Historic gardens protected as memorial field
War veterans will be remembered in a Centenary Field at a historic garden in Sheffield where the city council aims to have the most memorial spaces in England outside London.
Stocksbridge Clock Tower and Gardens will become the city’s fourth Centenary Field, meaning it is protected from being developed.
It comes under a scheme by Fields in Trust and the Royal British Legion to remember those who lost their lives in WW1.
The council wants to make 36 parks a Centenary Field, in areas that have some of the 300 memorial trees that are being planted by the authority.
Councillor Mary Lea, cabinet member for culture, parks and leisure, said if they achieve this they will have the highest number of any core city in England outside of the capital.
“People in Sheffield are passionate in honouring the memory of all those who have died in conflict and they’re also very proud of our treasured green spaces.
“A dedicated Centenary Field perfectly celebrates these values and recognises the importance of peaceful places of remembrance. I’m sure it will mean a lot to people in Stocksbridge for their wonderful clock tower and gardens to be dedicated and protected in this way.”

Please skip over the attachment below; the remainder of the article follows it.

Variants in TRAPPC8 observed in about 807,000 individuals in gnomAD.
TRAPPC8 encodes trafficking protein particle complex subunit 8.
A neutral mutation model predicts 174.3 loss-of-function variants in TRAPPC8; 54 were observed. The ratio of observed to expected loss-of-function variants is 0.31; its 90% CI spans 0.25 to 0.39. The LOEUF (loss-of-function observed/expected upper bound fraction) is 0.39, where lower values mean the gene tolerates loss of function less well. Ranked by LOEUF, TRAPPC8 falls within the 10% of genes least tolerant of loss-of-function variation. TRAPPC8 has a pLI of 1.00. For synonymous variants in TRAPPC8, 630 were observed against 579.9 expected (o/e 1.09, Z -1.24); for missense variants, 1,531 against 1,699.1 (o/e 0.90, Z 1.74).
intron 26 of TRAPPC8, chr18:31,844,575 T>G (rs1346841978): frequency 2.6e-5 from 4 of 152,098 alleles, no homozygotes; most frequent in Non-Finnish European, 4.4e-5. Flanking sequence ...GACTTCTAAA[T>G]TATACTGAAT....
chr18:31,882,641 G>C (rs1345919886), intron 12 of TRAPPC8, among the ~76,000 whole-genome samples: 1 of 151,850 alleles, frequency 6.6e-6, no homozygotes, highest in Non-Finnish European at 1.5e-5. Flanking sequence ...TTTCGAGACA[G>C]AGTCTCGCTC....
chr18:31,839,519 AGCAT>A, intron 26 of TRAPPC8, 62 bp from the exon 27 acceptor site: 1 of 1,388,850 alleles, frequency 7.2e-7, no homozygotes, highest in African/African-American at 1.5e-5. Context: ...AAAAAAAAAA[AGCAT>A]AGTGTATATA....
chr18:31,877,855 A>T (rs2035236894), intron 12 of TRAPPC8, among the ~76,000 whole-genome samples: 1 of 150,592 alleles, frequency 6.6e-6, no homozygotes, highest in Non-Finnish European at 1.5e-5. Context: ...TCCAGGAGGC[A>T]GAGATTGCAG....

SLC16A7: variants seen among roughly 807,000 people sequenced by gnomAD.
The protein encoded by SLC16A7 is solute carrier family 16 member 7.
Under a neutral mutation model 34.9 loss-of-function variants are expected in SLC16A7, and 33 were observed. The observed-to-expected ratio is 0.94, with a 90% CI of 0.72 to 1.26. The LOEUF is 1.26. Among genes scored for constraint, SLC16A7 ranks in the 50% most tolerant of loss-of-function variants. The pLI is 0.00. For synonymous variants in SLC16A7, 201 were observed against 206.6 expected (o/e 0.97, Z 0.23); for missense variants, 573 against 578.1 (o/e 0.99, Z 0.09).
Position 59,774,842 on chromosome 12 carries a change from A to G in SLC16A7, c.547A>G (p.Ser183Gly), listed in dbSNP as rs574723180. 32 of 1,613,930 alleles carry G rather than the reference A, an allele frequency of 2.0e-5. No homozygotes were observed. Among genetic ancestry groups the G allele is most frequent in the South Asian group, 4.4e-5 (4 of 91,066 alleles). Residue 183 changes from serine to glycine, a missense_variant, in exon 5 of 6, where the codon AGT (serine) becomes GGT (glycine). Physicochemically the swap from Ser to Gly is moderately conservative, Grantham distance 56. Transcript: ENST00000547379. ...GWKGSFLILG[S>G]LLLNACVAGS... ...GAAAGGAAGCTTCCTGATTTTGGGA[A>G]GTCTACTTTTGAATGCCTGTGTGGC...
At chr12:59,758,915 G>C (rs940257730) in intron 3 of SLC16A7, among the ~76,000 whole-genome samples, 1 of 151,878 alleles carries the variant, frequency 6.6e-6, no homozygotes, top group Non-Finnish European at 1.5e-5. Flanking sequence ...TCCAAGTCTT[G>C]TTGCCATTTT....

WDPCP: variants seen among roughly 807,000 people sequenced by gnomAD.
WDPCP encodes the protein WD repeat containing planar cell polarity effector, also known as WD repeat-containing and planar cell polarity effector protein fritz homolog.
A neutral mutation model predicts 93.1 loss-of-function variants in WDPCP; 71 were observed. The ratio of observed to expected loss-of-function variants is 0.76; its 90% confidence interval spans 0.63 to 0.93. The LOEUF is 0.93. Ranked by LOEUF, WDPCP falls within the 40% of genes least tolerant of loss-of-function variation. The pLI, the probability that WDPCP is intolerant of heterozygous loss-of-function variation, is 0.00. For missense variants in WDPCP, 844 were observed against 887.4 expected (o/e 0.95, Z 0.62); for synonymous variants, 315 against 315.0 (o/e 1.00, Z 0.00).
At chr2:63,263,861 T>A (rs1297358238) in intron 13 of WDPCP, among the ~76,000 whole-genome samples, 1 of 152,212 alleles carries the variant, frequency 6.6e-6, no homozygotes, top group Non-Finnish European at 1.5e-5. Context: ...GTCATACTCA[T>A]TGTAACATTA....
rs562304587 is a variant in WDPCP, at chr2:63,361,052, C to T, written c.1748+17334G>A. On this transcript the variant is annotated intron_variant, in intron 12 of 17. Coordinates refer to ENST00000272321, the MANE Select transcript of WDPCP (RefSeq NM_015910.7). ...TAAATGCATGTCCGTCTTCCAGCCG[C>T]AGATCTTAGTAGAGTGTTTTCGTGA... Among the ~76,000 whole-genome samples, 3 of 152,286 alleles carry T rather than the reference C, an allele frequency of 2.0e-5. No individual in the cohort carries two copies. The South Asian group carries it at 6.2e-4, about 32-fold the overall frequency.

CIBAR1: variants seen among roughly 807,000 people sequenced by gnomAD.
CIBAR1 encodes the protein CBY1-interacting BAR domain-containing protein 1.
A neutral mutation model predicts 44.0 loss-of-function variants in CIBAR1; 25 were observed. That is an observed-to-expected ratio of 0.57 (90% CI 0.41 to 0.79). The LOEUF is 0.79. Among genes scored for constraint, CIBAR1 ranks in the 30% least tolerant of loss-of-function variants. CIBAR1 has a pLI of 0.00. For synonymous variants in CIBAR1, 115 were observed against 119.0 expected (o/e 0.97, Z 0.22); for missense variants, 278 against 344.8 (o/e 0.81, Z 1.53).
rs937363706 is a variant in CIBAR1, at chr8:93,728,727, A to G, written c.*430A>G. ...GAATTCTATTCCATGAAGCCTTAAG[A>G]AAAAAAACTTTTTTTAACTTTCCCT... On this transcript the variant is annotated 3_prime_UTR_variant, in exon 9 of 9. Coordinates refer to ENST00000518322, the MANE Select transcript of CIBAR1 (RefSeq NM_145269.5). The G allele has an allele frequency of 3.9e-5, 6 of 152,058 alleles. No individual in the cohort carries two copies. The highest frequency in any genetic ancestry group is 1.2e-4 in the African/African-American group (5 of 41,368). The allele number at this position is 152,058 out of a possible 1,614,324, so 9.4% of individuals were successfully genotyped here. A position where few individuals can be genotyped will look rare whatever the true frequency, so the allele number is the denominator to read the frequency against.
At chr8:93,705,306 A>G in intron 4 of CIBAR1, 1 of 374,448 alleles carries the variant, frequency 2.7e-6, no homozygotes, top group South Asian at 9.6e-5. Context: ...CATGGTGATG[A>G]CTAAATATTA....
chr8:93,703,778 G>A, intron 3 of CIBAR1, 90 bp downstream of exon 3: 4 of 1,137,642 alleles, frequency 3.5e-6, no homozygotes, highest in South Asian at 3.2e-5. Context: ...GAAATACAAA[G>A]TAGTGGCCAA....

An official dedication will take place at Stocksbridge Clock Tower once a date has been decided by the council and Fields in Trust.
Weston Park, Ochre Dike recreation ground and Woodhouse Mill recreation ground are already protected under the scheme.
Tim Phillips, Fields in Trust chair of trustees, said: “This programme is a fitting way for us to mark the sacrifices made by so many in WW1 whilst looking to the future through a living remembrance.
“We are delighted that Sheffield City Council is embracing Centenary Fields… we look forward to many more landowners following their lead.”
It comes after the council announced its ‘biggest park investment in decades’ last year. Money will be ploughed into better facilities over the next four years.